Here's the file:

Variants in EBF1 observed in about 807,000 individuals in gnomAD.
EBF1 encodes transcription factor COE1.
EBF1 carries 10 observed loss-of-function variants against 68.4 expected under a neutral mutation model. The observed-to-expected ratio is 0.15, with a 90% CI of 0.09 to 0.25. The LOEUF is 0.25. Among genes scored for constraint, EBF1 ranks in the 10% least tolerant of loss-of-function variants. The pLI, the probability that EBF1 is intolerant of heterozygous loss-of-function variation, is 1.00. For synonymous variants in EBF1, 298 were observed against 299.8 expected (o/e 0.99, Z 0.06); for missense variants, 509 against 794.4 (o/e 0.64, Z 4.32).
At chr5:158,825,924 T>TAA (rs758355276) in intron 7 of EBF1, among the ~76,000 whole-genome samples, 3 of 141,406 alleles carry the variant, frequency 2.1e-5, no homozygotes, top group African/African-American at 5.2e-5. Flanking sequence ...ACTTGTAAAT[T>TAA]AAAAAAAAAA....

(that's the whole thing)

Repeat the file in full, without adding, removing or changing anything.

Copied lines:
Variants in EBF1 observed in about 807,000 individuals in gnomAD.
EBF1 encodes transcription factor COE1.
EBF1 carries 10 observed loss-of-function variants against 68.4 expected under a neutral mutation model. The observed-to-expected ratio is 0.15, with a 90% CI of 0.09 to 0.25. The LOEUF is 0.25. Among genes scored for constraint, EBF1 ranks in the 10% least tolerant of loss-of-function variants. The pLI, the probability that EBF1 is intolerant of heterozygous loss-of-function variation, is 1.00. For synonymous variants in EBF1, 298 were observed against 299.8 expected (o/e 0.99, Z 0.06); for missense variants, 509 against 794.4 (o/e 0.64, Z 4.32).
At chr5:158,825,924 T>TAA (rs758355276) in intron 7 of EBF1, among the ~76,000 whole-genome samples, 3 of 141,406 alleles carry the variant, frequency 2.1e-5, no homozygotes, top group African/African-American at 5.2e-5. Flanking sequence ...ACTTGTAAAT[T>TAA]AAAAAAAAAA....